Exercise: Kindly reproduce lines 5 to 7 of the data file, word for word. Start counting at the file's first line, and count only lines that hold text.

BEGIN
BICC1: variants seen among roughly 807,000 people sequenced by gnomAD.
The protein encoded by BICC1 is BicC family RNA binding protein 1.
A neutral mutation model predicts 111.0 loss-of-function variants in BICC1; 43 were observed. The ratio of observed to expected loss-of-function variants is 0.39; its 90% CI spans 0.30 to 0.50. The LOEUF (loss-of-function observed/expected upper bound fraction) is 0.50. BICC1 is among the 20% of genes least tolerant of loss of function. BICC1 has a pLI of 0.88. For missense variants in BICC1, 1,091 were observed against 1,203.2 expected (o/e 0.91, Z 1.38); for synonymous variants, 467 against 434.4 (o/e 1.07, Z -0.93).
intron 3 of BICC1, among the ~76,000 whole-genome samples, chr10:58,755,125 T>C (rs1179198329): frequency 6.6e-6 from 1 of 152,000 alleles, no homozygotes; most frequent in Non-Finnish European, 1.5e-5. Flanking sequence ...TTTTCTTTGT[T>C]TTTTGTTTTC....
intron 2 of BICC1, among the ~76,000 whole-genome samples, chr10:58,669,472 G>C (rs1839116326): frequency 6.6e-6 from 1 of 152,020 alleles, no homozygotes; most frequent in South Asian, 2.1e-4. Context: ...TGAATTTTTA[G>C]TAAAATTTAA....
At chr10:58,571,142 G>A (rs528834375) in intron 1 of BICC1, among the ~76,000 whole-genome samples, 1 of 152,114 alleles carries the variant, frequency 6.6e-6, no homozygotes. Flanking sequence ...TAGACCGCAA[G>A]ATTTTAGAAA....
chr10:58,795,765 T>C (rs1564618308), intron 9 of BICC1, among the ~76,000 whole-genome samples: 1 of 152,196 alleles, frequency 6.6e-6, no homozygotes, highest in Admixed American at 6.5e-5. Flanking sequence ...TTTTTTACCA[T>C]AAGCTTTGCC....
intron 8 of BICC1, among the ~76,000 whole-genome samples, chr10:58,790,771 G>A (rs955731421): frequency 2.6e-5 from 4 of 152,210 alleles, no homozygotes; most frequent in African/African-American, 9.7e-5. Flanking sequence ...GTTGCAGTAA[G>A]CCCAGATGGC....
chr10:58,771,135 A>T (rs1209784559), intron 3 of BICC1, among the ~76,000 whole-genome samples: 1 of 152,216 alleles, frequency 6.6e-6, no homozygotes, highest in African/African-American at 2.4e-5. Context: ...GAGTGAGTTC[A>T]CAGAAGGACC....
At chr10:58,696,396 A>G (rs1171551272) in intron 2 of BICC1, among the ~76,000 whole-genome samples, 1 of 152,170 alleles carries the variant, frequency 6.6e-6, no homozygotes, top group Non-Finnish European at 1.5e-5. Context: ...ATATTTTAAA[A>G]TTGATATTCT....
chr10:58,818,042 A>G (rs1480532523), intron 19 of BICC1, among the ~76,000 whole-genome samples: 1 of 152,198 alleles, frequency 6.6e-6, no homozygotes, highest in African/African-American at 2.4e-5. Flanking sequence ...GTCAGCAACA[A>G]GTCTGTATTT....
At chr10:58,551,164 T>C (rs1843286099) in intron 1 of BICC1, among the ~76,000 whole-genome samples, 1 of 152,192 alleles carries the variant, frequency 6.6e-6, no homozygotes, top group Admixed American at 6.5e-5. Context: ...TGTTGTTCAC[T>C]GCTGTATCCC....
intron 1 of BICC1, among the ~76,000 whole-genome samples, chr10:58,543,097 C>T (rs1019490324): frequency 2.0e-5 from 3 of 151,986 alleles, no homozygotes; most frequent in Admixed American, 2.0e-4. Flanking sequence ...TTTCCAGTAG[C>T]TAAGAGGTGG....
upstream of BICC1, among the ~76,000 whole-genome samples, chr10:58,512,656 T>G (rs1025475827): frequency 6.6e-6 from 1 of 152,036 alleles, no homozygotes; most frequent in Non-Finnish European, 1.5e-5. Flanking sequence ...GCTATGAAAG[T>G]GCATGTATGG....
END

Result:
intron 2 of BICC1, among the ~76,000 whole-genome samples, chr10:58,669,472 G>C (rs1839116326): frequency 6.6e-6 from 1 of 152,020 alleles, no homozygotes; most frequent in South Asian, 2.1e-4. Context: ...TGAATTTTTA[G>C]TAAAATTTAA....
At chr10:58,571,142 G>A (rs528834375) in intron 1 of BICC1, among the ~76,000 whole-genome samples, 1 of 152,114 alleles carries the variant, frequency 6.6e-6, no homozygotes. Flanking sequence ...TAGACCGCAA[G>A]ATTTTAGAAA....
chr10:58,795,765 T>C (rs1564618308), intron 9 of BICC1, among the ~76,000 whole-genome samples: 1 of 152,196 alleles, frequency 6.6e-6, no homozygotes, highest in Admixed American at 6.5e-5. Flanking sequence ...TTTTTTACCA[T>C]AAGCTTTGCC....